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MECH 314 Introduction to Fluid Mechanics February 16, 2010

American University of Beirut, Spring 2009 Handout # 2

The Continuum Hypothesis

1 The continuum hypothesis
Fluid mechanics deals with the behavior of fluids on a macroscopic scale large compared
with the characteristic molecular dimensions. For a gas the characteristic molecular di-
mension is the mean free path whereas for a liquid the characteristic molecular dimension
is the average inter-molecular spacing. If we consider the distribution of mass on the
molecular scale, we observe that the density of a small volume varies drastically as the
volume increases to contain an increasing number of molecules (Figure ??). Such a be-
havior is expected since the mass of an atom is concentrated in the nucleus, with the
latter occupying a very small fraction of the total volume of the molecule. Macroscopic
properties such as temperature, pressure, and velocity are defined by averaging over a
large number of molecules contained in a small volume. In the continuum hypothesis it is
assumed that the macroscopic behavior expressed in terms of these macroscopic proper-
ties is such that the fluid behaves as if these properties are uniformly distributed within
the small volume.

When we experimentally measure a macroscopic property at point in the fluid, the mea-
surement in general corresponds to the average (spatial and temporal) behavior of an
aggregate of molecules contained in a small volume comprising the vicinity of that point.
For example, by associating temperature T with point x, we are making the approxima-
tion that T is the average temperature of a large number of molecules contained in a small
volume δV . Any further reduction of this volume, let’s say from δV to δV 0 , should yield
the same temperature measurement as long as δV 0 is still much larger than the charac-
teristic molecular dimension cubed. Therefore the continuum hypothesis is based on the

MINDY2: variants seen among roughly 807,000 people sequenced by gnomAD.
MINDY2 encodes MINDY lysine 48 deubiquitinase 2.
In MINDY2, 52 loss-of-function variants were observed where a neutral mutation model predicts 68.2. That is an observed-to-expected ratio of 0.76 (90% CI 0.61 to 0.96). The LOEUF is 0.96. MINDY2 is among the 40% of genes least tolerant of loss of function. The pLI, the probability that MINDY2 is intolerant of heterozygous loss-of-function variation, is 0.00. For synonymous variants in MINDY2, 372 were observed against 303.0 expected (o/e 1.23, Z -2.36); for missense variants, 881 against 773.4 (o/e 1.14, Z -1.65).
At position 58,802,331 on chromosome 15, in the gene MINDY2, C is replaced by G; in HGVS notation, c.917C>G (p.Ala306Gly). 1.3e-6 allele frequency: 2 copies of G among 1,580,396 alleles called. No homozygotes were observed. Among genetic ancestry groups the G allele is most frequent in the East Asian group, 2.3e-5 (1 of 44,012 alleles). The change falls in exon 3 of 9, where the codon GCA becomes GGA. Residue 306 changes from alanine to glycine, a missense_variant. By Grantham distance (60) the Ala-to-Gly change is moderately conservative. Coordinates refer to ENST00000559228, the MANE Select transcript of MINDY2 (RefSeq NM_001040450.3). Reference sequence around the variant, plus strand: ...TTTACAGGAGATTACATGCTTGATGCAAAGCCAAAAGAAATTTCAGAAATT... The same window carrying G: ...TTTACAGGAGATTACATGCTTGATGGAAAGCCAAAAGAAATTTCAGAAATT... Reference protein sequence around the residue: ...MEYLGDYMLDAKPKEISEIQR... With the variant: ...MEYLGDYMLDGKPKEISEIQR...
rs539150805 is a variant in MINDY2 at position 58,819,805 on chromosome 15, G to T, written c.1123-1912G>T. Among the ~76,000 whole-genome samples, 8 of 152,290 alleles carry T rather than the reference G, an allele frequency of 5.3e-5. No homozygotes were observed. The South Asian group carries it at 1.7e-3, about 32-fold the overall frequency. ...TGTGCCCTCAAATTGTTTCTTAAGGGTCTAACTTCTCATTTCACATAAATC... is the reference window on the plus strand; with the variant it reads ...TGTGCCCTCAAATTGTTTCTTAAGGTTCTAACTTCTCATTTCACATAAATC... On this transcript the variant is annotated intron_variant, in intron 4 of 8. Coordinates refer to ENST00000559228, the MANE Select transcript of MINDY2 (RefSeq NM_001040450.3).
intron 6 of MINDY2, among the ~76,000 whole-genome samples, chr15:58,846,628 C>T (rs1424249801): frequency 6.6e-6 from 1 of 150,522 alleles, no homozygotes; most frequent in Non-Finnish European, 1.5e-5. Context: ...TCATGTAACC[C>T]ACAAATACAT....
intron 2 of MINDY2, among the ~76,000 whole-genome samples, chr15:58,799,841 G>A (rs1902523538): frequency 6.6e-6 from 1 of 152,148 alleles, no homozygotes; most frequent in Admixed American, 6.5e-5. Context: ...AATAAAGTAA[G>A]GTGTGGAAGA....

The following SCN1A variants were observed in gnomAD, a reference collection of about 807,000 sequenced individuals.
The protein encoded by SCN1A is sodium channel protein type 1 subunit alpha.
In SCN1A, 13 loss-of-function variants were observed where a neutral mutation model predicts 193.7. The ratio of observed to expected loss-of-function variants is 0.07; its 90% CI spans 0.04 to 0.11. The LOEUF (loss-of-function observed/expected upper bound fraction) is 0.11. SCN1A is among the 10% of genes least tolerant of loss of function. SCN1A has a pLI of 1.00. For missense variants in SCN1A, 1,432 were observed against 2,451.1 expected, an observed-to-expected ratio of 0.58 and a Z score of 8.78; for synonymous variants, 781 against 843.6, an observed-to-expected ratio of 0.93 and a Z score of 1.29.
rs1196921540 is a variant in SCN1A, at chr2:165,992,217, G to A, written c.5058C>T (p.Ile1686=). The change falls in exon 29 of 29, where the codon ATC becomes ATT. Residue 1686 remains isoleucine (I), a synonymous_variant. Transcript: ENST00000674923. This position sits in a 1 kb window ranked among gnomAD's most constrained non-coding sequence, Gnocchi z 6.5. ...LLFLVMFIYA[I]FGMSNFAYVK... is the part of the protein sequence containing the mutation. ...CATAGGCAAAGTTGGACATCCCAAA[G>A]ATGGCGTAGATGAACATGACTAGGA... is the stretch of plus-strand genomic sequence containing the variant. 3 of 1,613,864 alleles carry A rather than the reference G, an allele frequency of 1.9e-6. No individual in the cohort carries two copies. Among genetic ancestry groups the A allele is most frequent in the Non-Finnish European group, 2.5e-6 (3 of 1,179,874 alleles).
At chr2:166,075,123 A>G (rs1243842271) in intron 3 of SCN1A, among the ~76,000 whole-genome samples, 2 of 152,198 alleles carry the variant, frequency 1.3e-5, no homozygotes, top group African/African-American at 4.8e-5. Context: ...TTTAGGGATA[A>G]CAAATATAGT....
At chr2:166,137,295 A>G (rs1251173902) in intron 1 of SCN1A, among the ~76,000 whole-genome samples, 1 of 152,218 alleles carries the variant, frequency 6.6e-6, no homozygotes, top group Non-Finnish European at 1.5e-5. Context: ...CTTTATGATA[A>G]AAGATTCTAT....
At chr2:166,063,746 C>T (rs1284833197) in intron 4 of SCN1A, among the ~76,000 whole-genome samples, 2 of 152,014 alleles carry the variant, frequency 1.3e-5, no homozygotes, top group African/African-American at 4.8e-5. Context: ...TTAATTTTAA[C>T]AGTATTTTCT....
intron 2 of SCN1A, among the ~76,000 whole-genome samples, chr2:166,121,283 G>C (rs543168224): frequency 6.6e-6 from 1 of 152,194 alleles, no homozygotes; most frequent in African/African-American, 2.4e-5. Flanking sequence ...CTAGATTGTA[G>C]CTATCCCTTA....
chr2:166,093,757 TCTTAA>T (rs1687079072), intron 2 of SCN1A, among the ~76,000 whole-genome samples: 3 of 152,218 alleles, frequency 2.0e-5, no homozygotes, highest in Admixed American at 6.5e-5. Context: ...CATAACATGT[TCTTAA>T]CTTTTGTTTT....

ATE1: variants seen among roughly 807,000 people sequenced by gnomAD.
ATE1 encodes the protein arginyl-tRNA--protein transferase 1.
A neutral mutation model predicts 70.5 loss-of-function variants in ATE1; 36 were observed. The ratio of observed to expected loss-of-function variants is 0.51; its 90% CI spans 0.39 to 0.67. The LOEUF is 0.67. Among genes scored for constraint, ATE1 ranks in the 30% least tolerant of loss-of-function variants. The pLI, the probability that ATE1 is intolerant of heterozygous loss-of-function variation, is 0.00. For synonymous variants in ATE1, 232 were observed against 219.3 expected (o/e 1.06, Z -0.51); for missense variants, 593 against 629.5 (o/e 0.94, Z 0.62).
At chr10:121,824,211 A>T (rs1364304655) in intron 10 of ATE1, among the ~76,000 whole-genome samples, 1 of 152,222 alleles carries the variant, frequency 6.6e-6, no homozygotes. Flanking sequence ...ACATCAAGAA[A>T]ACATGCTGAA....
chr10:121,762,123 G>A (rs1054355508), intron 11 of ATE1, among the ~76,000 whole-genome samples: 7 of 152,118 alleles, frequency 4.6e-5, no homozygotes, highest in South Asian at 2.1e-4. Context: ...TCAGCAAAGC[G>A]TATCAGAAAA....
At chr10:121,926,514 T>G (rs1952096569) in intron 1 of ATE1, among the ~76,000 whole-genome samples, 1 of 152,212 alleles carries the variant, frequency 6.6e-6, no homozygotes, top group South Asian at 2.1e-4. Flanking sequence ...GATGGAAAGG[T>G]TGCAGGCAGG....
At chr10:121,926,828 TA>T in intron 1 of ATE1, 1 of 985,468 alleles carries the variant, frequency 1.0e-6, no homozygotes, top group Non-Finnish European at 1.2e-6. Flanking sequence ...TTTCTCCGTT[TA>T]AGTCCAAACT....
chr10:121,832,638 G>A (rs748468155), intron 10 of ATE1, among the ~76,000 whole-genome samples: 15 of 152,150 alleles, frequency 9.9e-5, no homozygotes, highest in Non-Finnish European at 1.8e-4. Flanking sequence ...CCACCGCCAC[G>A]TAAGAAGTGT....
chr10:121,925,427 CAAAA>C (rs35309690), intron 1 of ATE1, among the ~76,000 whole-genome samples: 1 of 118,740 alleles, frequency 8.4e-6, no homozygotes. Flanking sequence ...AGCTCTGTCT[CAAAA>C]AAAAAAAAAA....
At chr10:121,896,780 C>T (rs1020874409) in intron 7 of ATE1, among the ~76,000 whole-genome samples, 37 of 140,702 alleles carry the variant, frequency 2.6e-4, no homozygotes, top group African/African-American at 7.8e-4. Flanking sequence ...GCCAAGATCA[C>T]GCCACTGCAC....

possibility of the associating with the small volume δV macroscopic quantities that are
considered to be uniform within that volume such that

λ << (δV )1/3 << L (1)

where L is the characteristic macroscopic length scale of the flow (such as the pipe diam-
eter or boundary layer thickness).

As an example consider the flow of air in a pipe of diameter of 1 cm. If we choose
(δV )1/3 = 1 mm, then an instrument with a sensitive volume of δV = 10−9 cm3 would
obviously provide a measurement of a local macroscopic property since L/(δV )1/3 = 1000.
The small volume δV , however, contains 3 × 1010 molecules of air, which is large enough
to guarantee that the average measurement is independent of the number of molecules.

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One example is air flow at very high altitudes. liquids and gases. At such altitudes the density is so small that the mean free path is of the order of magnitude of the thickness of the boundary layer developing on a solid boundary. the fluid is not in equilibrium anymore and it will take some time before it reaches its new LTE state. In other words the flow macroscopic process must be slow when compared to the time required to adjust to the new LTE state. viscosity) of the continuum fluid that would yield the same behavior as the real fluid. There is still the challenge of determining the physical material properties (such as conductivity. We refer to this time scale as τth . The continuum model described above enables field representation of the fluid.The are cases in which the continuum hypothesis fails. Figure 1: Schematic variation of average density as a function of length scale. Such continuum material properties are usually obtained either from simplified molecular analysis such as the kinetic theory of gases or empirically.e. density. macro- scopic properties are continuous functions of time and space throughout the fluid. The Navier-Stokes equations are valid only when the flow is in a state of local thermodynamic equilibrium. i. Another case is the shock wave where density gradients are so large that it is impossible to find a small volume that contains a sufficiently large number of molecules and within which the density may be assumed to be uniform. then the assumption of LTE is valid. The continuum hypothesis thus enables establishment of equations governing the fluid flow that is independent in its general form from the particular molecular structure of a fluid. If the flow time scale τf l is sufficiently larger than τth . Another assumption is the local thermodynamic equilibrium (LTE). Typically τth is of the order of few tens or hundreds of collision time for translational modes and considerably more for other modes. When a fluid in LTE experiences some kind of perturbation such as a pressure gradient. In summary the continuum hypothesis is based on the following assumptions: λ << δx << L (2) τth << τf l (3) 2 . Therefore the same set of equations governs the conservation of mass and momentum for all fluids.

A measure of the degree of applicability of the continuum hypothesis is the Knudsen number. defined as the ratio of the mean free path to the the flow characteristic length scale: λ Kn = (4) L 3 .